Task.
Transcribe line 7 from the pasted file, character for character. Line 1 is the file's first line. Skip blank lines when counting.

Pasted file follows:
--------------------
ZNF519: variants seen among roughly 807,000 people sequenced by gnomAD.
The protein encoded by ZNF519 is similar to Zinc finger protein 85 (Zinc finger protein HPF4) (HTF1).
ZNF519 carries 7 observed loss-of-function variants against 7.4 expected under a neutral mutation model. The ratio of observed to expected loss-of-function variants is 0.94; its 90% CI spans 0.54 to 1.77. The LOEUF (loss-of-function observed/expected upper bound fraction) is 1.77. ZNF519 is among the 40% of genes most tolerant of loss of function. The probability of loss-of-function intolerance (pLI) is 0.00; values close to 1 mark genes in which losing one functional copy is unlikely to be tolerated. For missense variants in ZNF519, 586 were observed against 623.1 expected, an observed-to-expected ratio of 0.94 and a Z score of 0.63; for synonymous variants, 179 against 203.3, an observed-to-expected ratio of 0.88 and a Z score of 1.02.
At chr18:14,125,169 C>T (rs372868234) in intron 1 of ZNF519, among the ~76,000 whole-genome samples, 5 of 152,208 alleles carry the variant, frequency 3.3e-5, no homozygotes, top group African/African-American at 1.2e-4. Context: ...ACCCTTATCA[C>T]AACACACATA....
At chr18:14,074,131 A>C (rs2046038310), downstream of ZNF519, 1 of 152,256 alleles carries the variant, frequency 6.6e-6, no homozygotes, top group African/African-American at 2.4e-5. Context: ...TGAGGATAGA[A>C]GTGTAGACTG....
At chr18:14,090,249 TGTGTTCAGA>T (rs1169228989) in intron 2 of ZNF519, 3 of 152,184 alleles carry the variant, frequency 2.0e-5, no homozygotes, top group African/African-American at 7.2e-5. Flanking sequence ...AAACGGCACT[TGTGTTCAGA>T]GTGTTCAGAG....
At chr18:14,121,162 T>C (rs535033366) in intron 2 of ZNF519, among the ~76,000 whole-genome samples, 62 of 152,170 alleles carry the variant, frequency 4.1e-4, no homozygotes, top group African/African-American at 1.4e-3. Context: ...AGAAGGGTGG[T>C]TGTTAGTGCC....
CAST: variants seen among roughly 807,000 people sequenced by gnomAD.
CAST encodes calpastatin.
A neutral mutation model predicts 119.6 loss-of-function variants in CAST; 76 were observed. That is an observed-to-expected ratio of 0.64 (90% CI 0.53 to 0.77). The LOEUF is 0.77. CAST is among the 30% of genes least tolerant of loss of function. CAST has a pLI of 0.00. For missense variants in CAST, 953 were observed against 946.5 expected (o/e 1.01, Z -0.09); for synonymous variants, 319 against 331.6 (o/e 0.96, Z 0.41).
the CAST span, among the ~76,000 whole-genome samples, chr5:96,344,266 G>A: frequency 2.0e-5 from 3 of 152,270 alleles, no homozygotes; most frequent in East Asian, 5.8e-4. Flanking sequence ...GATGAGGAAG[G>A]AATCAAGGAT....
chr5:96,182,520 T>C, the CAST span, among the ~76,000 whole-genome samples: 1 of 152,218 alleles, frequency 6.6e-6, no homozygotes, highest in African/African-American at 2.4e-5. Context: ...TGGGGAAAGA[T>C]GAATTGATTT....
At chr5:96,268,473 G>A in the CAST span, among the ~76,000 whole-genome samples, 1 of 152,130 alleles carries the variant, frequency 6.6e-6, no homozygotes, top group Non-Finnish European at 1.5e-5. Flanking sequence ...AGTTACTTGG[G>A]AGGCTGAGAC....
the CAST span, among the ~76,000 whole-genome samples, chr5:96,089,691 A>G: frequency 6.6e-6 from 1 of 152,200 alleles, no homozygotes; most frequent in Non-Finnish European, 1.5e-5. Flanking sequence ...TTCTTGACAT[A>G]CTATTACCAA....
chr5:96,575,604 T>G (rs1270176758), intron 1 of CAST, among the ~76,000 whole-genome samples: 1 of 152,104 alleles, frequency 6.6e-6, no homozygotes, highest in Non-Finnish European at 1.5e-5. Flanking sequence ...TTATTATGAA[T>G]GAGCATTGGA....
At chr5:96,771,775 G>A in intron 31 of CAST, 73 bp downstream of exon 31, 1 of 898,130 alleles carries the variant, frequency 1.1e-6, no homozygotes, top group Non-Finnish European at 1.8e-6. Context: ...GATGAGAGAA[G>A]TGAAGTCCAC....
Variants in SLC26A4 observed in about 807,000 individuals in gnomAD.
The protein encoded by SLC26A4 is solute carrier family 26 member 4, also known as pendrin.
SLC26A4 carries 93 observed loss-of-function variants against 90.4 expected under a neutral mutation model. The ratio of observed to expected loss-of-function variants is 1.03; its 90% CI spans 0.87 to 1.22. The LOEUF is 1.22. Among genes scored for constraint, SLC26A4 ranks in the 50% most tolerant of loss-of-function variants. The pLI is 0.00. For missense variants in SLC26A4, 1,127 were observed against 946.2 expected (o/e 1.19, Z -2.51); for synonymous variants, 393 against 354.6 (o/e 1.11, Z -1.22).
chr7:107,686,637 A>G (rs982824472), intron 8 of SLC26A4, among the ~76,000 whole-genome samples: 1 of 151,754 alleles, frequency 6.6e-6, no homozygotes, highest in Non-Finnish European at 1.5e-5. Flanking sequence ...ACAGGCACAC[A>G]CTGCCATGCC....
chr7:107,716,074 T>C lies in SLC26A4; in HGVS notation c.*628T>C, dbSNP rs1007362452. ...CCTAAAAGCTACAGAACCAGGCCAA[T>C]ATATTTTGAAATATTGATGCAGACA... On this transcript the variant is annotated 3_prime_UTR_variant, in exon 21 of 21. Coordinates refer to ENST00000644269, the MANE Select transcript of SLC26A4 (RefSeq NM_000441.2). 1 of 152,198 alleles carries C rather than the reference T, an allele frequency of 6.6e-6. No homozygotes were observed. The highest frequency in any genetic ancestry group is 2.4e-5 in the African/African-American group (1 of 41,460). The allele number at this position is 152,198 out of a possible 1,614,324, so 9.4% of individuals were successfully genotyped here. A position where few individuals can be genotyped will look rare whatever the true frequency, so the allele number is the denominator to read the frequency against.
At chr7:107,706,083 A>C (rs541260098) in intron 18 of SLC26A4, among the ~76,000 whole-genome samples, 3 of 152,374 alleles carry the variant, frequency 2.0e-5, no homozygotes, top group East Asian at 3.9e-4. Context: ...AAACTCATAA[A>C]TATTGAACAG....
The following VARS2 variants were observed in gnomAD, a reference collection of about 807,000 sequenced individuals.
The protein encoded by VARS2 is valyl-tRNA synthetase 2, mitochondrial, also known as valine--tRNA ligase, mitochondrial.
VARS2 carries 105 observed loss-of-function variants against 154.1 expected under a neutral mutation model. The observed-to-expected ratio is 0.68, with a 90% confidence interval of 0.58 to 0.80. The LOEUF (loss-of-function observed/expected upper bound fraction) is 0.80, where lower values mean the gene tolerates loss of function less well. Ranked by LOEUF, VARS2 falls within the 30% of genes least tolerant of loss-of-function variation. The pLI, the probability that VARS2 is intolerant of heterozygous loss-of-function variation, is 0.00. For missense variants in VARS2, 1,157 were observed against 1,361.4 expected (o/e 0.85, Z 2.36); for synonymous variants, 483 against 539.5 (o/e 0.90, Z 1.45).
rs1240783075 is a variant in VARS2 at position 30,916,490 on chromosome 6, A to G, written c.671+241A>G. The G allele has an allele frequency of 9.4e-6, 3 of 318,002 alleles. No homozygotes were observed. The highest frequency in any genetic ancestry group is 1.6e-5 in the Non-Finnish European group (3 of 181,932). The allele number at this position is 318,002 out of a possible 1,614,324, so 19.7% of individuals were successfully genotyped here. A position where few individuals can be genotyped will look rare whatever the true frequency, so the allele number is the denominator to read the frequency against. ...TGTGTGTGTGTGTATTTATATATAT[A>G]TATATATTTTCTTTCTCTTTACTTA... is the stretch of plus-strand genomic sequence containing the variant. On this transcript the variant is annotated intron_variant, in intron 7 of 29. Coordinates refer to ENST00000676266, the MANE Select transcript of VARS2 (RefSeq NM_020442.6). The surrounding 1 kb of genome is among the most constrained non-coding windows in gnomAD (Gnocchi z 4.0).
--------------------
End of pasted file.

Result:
At chr18:14,121,162 T>C (rs535033366) in intron 2 of ZNF519, among the ~76,000 whole-genome samples, 62 of 152,170 alleles carry the variant, frequency 4.1e-4, no homozygotes, top group African/African-American at 1.4e-3. Context: ...AGAAGGGTGG[T>C]TGTTAGTGCC....